In Genesis 35:7 it says:

וַיִּ֤בֶן שָׁם֙ מִזְבֵּ֔חַ וַיִּקְרָא֙ לַמָּק֔וֹם אֵ֖ל בֵּֽית־אֵ֑ל כִּ֣י שָׁ֗ם נִגְל֤וּ אֵלָיו֙ הָֽאֱלֹהִ֔ים בְּבָרְח֖וֹ מִפְּנֵ֥י אָחִֽיו

הָֽאֱלֹהִ֔ים is clearly used in the singular sense of the word. So why is the verb נִגְל֤וּ in the plural?

3 Answers 3


Rashi writes,

נגלו אליו האלהים GOD WAS REVEALED UNTO Him — In many passages terms denoting Divine Power and Lordship are used in the plural e. g., (39:20) “Joseph’s master (אֲדוֹנַי)” (construct plural), and (Exodus 22:14) “If its owner (בעליו) be with it”, where it does not say בַּעֲלוֹ (the singular form). Similarly, forms of אלהים denoting Judge or Authority are expressed in the plural, but you will find none other of the Divine Names in the plural.

the Ibn Ezra writes,

[BECAUSE THERE GOD WAS REVEALED TO HIM.] Elohim (God) refers to angels.4Revealed (niglu) is in the plural. If elohim meant God then revealed would be in the singular (Cherez).

The Radak also points in the same direction:

כי שם נגלו אליו האלוקים, a reference to the angels ascending and descending the ladder whom he had seen in his dream. Alternatively, the meaning of the word ה-אלוקים is a reference to G’d, Himself, not an intermediary. The reason why he used the plural mode נגלו instead of נגלה when the subject is only G’d Himself, is that this is a form of great respect and honour for the subject [known as pluralis majestatis when a king refers to himself in the plural. Ed.] compare Psalms 149,2 ישמח ישראל בעושיו, “Let Israel rejoice in its Maker.” A similar construction is found in Job 35,10 איה אלו-ה עושי?, “Where is the Lord, My Maker?” There are more such examples in Scripture.

The Targum Yonatan reads, "אִתְגְלִיאוּ לֵיהּ מַלְאָכַיָא דַיְיָ" explaining the plural.


Rebbi Yochanan (b. Sanhedrin 38b) lists it as an example of a place where G-d accepts a plural verb (to this list, add 2Sam. 2:7) and many rishonim follow. Notably Onqelos (אתגלי), Neofiti (אתגלי), the Samaritan version (נגלה), the Samaritan Targum (אגלי), the Septuagint (ἐφάνη) the Vulgate (apparuit), and the Peshitta (ܐܬܓܠܝ) agree that it's singular. The first sources to understand it as an actual plural are ibn Ezra and the Midrash Lekah Tov.

As to why, I think any real answer would have to explain all the different examples of this, and I haven't seen one.


This is referring to the specific name of G-d associated with Beit El (בית-אל), namely the two part name אל שדי. This is like is found explicitly in the Torah, Shemot 6:3.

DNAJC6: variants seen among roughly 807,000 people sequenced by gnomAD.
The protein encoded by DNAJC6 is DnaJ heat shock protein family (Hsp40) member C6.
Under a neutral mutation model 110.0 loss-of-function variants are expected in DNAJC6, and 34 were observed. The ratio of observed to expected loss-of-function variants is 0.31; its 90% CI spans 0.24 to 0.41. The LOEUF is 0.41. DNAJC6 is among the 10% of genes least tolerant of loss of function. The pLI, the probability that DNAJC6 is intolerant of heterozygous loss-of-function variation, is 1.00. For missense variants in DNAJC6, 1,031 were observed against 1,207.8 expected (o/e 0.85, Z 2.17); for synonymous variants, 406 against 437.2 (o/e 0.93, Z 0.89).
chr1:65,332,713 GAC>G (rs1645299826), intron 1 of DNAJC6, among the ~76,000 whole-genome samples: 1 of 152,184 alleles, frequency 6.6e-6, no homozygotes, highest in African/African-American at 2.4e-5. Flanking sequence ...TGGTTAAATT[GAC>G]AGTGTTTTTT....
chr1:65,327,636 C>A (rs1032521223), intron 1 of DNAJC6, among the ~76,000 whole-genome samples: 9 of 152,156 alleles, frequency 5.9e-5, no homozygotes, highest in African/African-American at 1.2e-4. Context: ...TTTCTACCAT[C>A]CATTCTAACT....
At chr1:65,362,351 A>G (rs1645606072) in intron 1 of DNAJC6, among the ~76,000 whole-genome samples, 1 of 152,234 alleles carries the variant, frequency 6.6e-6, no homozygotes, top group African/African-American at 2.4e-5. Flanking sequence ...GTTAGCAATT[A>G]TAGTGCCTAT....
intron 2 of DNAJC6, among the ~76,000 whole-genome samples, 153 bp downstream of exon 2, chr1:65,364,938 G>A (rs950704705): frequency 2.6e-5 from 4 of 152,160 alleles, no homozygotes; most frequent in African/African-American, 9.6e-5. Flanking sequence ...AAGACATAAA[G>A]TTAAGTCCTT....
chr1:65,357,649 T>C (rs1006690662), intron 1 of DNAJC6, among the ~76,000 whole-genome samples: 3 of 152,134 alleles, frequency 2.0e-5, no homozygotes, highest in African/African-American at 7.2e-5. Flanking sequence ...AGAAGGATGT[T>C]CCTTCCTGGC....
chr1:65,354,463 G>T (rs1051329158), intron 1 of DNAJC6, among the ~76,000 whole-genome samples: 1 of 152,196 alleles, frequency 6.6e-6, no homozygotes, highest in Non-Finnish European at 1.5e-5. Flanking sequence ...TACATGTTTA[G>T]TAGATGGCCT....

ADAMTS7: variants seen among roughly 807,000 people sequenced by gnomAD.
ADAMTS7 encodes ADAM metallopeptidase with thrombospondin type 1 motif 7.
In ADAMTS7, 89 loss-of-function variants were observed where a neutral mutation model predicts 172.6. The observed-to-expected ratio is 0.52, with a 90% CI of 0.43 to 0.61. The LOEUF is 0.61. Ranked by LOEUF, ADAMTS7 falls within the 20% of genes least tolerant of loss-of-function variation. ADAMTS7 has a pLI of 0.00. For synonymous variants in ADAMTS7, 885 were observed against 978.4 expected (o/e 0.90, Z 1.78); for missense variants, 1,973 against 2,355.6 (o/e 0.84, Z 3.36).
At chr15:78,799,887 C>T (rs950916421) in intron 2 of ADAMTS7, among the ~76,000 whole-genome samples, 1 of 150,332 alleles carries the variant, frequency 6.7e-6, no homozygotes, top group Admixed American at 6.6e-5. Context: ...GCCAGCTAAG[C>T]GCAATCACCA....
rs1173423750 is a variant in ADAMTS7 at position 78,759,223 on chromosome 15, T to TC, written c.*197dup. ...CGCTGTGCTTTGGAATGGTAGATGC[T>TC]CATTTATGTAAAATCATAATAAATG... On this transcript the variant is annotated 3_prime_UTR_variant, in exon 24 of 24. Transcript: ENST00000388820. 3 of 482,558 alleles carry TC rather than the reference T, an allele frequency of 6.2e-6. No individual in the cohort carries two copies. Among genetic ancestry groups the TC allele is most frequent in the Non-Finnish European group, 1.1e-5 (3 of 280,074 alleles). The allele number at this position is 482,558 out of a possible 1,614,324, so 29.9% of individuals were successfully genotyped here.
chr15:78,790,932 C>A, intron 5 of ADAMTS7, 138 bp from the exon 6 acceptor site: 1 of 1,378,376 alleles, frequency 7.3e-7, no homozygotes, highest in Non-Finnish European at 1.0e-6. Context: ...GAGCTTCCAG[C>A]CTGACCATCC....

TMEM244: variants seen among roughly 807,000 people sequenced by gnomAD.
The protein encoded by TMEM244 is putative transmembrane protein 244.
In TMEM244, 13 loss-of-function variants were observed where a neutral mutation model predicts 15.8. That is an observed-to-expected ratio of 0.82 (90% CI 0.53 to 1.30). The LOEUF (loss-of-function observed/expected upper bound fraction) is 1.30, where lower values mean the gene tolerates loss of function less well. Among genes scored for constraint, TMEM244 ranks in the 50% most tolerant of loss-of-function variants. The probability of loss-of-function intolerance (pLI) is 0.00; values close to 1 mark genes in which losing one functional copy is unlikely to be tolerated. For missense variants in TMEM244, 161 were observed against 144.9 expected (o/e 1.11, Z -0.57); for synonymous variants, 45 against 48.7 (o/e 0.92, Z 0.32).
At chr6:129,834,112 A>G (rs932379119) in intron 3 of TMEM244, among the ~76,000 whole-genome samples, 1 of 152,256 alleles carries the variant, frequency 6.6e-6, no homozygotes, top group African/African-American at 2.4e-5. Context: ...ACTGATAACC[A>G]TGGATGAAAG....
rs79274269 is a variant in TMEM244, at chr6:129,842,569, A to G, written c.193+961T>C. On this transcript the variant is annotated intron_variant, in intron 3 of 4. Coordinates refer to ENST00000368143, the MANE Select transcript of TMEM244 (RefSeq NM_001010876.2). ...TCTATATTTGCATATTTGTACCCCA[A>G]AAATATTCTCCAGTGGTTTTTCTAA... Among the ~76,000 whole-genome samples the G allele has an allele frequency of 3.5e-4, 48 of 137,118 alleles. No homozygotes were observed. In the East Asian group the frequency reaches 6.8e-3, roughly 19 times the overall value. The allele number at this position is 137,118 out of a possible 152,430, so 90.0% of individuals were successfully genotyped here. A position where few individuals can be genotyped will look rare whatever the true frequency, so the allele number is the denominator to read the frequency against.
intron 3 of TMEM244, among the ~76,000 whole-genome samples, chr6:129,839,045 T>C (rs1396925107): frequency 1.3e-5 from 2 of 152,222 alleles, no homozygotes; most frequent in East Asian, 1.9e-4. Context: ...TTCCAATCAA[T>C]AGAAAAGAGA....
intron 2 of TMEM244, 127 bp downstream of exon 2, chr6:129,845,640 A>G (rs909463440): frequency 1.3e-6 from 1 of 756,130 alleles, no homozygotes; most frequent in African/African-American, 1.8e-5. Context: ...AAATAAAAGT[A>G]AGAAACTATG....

That in the small sum, Beit-El (with the briach) alludes to 11 with the kollel which is 12. And this is also the small sum of this specific two part name of G-d אל שדי. That this two part name is actually an expression of how G-d encompasses both Kindness (חסד), the quality associated with the name אל and also severity (גבורה) the quality associated with the name שדי. And in fact these two names are equated with each other when observing the small sum of the Miluy of the name שדי, as in (שי״ן, דל״ת, יו״ד). The small sum is 31, which is אל.

The beginning of the posuk states that Yaacov was calling, meaning praying to Makom with the indicative Heh. Like is stated in Sefer Kehillat Yaacov, under the heading of מקום, it explains that among other things, this term is referencing the quality of Kingship as in G-d's Kingship like is found in Zohar, parshat Pinchas, 225b.

And this to the root of this two part name, namely שדי:

which is comprised the leading letter Shin which is the form of G-d's name (יהוה) associated with Yaacov. This transformation is מצפץ which is gematria 300 or ש. This form of G-d's name is what we intend in the Amidah prayer when saying HaEl HaKadosh and HaMelech HaKadosh.

And the two final letters of Dalet and Yud which is specifically associated with the quality of Gevurah manifest at the beginning of Creation like is found for example in the name of Reish Lakish explaining the meaning of Bereshit 17:1 in tractate Chagigah 12a. This Gevurah aspect of the name pertains to the usage of Elohim cited in your question in the sense of a Judge (דיין) like Rashi explains to Shemot 20:1.

So the plural verb form of נִגְל֤וּ is appropriate for this two part name of אל שדי.

  • Usually אל שדי is singular. E.g. second to last pasuk of shishi of toldos. ואל שדי יברך אותך ויפרך וירבך
    – Heshy
    Nov 14, 2022 at 23:38
  • @Heshy In your example, Yitzchok is referring specifically to only one aspect of the two part name. This follows the explanation in Sefer Raziel that the letters of Miluy of שדי meaning (ין, לת, וד) are the gematria of פרו ורבו. That is the path of both the blessing and the Mitzvah. Nov 15, 2022 at 1:08

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